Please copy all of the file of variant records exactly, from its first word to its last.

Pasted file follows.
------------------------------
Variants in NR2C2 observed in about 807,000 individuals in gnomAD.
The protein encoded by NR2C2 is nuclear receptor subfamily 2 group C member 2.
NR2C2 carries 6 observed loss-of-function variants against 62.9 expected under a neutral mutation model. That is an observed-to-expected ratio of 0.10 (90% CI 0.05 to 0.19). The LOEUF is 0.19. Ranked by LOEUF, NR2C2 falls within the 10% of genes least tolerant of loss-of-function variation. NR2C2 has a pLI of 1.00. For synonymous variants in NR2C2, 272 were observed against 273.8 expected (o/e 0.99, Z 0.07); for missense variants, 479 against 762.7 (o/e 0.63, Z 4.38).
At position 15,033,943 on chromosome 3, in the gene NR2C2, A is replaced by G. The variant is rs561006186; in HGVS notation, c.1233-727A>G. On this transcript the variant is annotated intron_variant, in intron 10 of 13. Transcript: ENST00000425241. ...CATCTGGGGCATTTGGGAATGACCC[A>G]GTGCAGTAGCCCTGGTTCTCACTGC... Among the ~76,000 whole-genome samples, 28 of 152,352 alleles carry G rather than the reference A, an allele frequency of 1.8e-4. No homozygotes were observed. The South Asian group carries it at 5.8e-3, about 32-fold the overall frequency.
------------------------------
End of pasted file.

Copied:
Variants in NR2C2 observed in about 807,000 individuals in gnomAD.
The protein encoded by NR2C2 is nuclear receptor subfamily 2 group C member 2.
NR2C2 carries 6 observed loss-of-function variants against 62.9 expected under a neutral mutation model. That is an observed-to-expected ratio of 0.10 (90% CI 0.05 to 0.19). The LOEUF is 0.19. Ranked by LOEUF, NR2C2 falls within the 10% of genes least tolerant of loss-of-function variation. NR2C2 has a pLI of 1.00. For synonymous variants in NR2C2, 272 were observed against 273.8 expected (o/e 0.99, Z 0.07); for missense variants, 479 against 762.7 (o/e 0.63, Z 4.38).
At position 15,033,943 on chromosome 3, in the gene NR2C2, A is replaced by G. The variant is rs561006186; in HGVS notation, c.1233-727A>G. On this transcript the variant is annotated intron_variant, in intron 10 of 13. Transcript: ENST00000425241. ...CATCTGGGGCATTTGGGAATGACCC[A>G]GTGCAGTAGCCCTGGTTCTCACTGC... Among the ~76,000 whole-genome samples, 28 of 152,352 alleles carry G rather than the reference A, an allele frequency of 1.8e-4. No homozygotes were observed. The South Asian group carries it at 5.8e-3, about 32-fold the overall frequency.